It was around that time when my friend's hosting service wiped lost all of his data, including sites he had been hosting for a lot of other people. Quite an ordeal, especially when you aren't familiar and skilled with the concept of regular, automated backups. The poor guy had to retrieve data from Google cache, but eventually got pretty much everything back. Should have listened when I offered him my mirrored hosting service.

iPhone 3G

Now onto phones. I finally lost my terminally ill and terribly bulky Sony Ericsson P990i. It was already on its last breaths after a fall down the stairs and had had a pretty rough run of over two years. Despite it's numerous flaws and injuries, it had survived until now as my primary camera and as a secondary phone. That's quite impressive, given that I have a history of throwing phones at hard surfaces to relieve stress (I now hit laptops for that).

Anyway, the phone sneaked off somehow while I was at the pool and it gave me an excuse to splurge on an iPhone 3G. And since it hasn't been officially launched in Pakistan, that usually means paying at least twice as much as elsewhere with no warranty. A costly investment, but I'm happy to finally catch up with the rest of the world. It's really great as a phone, though besides that, it's a little more than an expensive toy. I have to wonder if I should have spent that money on an extra laptop.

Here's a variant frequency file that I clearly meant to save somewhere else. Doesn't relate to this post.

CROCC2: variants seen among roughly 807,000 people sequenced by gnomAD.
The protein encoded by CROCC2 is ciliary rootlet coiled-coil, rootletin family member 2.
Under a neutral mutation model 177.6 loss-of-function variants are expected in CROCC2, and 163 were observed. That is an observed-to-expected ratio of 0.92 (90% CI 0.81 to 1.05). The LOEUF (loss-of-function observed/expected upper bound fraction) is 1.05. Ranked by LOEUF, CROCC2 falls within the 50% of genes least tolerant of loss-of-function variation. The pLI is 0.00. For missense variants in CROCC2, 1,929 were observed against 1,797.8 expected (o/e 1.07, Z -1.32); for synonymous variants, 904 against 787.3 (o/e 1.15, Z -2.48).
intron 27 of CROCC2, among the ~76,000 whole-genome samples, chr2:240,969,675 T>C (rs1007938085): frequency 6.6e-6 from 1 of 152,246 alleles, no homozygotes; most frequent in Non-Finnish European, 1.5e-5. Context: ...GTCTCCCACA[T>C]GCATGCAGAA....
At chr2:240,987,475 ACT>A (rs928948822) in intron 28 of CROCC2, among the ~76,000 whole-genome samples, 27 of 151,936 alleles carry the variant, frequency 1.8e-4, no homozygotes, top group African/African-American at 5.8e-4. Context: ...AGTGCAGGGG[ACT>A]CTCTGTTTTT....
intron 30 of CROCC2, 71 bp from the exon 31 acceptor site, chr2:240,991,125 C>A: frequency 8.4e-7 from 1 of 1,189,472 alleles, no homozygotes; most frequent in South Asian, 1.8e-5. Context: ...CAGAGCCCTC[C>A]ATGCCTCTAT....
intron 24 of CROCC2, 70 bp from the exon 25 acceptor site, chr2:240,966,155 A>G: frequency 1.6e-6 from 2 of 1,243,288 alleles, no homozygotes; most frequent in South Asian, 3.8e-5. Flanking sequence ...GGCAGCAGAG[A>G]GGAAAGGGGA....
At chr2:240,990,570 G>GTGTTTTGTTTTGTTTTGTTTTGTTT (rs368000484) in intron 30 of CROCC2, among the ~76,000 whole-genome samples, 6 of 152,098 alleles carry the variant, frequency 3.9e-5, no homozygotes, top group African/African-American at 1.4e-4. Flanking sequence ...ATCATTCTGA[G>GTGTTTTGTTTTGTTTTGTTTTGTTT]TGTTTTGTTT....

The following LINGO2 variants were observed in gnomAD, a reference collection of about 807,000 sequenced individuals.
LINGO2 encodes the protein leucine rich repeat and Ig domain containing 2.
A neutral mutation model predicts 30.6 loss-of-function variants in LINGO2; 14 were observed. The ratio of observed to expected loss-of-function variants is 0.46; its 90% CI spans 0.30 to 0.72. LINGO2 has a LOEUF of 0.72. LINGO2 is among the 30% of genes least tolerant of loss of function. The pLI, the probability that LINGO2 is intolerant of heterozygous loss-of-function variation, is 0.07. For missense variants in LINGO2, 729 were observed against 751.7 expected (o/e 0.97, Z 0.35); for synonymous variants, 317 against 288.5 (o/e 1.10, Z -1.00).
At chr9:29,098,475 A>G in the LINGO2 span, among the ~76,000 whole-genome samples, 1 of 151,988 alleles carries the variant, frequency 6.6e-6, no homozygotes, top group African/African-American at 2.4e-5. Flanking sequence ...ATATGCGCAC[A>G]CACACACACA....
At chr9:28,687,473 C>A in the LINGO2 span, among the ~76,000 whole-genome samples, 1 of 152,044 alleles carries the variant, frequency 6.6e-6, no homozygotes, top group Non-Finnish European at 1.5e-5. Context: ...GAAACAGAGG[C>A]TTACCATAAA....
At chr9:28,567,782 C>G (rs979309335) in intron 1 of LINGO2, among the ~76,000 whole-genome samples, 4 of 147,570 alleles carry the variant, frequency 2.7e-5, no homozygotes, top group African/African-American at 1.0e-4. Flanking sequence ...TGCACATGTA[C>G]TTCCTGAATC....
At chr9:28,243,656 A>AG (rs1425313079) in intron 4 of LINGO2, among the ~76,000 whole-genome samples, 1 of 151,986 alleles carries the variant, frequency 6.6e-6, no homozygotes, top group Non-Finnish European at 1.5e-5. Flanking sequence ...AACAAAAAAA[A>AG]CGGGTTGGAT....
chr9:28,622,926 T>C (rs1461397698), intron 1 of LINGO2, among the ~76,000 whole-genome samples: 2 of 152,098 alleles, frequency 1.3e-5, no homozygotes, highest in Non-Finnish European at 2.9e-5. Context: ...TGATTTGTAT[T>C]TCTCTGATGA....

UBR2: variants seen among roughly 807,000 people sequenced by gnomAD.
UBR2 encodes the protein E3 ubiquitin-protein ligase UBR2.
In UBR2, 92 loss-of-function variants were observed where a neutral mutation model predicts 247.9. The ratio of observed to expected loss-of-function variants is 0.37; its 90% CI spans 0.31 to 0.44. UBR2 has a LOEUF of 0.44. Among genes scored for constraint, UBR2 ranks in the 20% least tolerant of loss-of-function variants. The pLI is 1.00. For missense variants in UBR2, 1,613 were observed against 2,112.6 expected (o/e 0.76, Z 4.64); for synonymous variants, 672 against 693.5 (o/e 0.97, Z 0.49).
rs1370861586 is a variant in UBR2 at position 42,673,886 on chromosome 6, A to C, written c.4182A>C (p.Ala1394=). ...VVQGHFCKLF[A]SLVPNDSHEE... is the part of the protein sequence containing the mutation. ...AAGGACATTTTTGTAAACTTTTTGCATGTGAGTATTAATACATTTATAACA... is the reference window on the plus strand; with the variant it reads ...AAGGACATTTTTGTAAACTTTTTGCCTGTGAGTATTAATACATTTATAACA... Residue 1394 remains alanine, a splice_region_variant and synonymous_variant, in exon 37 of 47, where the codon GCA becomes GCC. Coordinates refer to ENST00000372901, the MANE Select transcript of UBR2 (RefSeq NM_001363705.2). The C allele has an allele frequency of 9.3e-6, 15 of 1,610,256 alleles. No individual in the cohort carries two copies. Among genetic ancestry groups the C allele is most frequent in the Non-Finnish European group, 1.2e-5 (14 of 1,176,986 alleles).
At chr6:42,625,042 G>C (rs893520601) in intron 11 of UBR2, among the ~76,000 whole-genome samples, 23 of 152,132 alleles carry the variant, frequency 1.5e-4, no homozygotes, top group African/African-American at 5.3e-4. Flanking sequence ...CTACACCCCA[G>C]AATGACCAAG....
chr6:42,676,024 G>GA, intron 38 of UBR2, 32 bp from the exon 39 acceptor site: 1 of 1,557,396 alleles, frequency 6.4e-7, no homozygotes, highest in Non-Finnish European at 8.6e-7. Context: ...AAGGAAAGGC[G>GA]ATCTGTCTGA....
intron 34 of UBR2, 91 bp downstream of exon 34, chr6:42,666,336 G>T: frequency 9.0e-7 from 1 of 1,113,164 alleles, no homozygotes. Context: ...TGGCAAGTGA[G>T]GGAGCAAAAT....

I still have the Blackberry Curve, which after about a year's use, is also screaming to be replaced. Its keys, one of my favorite reasons to stick with the Curve, have started to fail and I no longer write perfectly spelled, unabbreviated SMSs. The trackball, or pearl, has already been cleaned once, but I've now lost the click in it and have to use the Return key most of the time. Guess will need to do another surgery on it. Was planning on jumping to the Javelin 8900, but after the iPhone, my money can be better spent elsewhere.

Moral of the story: Always be prepared to lose your cool gadgets. They're less faithful than money and thanks to Murphy, they WILL fail. It's just a matter of time.